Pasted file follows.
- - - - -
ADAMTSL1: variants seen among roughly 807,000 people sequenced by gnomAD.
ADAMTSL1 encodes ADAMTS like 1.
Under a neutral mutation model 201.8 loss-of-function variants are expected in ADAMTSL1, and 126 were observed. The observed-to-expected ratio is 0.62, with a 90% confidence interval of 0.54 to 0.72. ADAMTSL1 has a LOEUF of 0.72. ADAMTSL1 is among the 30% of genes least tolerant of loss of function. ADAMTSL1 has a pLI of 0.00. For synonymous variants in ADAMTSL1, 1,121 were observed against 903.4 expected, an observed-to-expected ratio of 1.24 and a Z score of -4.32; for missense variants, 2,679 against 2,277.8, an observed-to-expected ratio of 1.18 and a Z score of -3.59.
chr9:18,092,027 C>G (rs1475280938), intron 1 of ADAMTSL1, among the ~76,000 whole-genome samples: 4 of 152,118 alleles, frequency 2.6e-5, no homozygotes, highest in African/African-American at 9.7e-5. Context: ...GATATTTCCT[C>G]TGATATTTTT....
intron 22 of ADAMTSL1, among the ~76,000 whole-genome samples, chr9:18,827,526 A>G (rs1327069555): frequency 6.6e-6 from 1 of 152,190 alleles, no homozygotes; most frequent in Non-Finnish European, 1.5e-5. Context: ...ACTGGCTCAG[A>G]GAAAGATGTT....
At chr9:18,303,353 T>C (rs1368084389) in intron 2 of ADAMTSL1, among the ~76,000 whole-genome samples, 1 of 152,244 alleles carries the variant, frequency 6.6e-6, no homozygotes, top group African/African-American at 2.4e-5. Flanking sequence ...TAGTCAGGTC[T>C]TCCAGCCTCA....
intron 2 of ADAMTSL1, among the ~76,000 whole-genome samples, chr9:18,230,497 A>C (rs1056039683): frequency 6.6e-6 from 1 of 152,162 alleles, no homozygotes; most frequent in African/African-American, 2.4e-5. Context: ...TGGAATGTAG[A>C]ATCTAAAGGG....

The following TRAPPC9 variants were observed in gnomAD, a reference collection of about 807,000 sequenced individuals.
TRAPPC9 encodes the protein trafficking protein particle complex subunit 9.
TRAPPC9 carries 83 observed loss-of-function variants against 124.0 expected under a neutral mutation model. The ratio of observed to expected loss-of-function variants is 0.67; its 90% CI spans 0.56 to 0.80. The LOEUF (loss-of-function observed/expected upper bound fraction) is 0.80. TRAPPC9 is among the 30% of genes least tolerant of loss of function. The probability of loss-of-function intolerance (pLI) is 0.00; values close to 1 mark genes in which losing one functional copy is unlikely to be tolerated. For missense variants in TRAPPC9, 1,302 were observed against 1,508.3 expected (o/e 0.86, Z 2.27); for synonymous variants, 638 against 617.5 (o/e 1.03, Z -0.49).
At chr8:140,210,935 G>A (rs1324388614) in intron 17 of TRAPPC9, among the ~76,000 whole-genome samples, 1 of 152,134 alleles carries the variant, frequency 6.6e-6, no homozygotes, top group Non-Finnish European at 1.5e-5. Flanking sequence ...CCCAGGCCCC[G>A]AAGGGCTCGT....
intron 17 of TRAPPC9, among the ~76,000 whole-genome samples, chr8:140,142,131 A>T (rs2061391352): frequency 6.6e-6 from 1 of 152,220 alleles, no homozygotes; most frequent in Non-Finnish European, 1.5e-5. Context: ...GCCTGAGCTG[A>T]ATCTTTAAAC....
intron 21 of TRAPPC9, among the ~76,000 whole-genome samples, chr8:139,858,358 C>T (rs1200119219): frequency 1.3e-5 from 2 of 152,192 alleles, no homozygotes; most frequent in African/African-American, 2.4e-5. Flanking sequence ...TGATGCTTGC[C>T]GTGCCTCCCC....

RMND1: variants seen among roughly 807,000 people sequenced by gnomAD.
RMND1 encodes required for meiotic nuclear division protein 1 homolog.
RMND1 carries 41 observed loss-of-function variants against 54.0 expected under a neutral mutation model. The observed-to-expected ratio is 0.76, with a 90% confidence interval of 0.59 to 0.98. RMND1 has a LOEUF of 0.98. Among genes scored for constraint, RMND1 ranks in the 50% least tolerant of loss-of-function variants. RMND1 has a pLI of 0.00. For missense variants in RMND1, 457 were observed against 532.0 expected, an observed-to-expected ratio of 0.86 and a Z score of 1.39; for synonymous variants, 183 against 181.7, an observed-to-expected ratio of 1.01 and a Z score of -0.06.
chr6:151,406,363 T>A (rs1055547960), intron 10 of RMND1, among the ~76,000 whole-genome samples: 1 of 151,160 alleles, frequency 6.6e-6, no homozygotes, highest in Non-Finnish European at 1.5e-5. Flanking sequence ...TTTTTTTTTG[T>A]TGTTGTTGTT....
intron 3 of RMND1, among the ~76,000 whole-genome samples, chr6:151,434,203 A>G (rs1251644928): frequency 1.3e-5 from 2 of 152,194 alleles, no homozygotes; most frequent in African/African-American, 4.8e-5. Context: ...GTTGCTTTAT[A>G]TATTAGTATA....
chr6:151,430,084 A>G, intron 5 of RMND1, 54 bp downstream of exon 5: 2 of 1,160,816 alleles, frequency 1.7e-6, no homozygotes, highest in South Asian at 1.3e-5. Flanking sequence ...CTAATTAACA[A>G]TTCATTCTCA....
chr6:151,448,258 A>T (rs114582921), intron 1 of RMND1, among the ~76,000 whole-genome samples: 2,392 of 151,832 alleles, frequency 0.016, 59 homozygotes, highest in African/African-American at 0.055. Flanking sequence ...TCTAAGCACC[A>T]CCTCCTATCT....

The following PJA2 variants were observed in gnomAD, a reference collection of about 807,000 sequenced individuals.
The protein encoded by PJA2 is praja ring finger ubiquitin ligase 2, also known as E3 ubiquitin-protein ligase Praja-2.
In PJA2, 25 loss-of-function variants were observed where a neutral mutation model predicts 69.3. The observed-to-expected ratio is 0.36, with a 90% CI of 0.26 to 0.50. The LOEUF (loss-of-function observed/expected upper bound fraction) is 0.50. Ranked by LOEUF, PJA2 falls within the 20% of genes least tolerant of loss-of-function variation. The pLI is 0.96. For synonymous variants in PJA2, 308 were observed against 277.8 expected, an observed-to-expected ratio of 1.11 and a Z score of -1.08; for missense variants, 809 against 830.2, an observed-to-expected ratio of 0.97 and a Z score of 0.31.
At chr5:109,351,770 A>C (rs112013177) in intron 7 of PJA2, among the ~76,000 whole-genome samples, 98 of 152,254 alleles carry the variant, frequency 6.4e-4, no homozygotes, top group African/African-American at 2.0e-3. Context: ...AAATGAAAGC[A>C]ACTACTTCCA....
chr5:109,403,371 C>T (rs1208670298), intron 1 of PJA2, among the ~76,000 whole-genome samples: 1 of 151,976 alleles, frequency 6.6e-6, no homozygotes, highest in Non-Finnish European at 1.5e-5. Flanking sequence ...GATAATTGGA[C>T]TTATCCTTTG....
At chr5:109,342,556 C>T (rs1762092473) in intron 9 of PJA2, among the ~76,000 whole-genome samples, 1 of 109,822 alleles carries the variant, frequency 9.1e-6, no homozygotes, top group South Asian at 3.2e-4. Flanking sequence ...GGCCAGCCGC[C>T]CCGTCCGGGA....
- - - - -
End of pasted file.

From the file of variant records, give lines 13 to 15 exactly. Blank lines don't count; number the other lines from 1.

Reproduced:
intron 21 of TRAPPC9, among the ~76,000 whole-genome samples, chr8:139,858,358 C>T (rs1200119219): frequency 1.3e-5 from 2 of 152,192 alleles, no homozygotes; most frequent in African/African-American, 2.4e-5. Flanking sequence ...TGATGCTTGC[C>T]GTGCCTCCCC....

RMND1: variants seen among roughly 807,000 people sequenced by gnomAD.
RMND1 encodes required for meiotic nuclear division protein 1 homolog.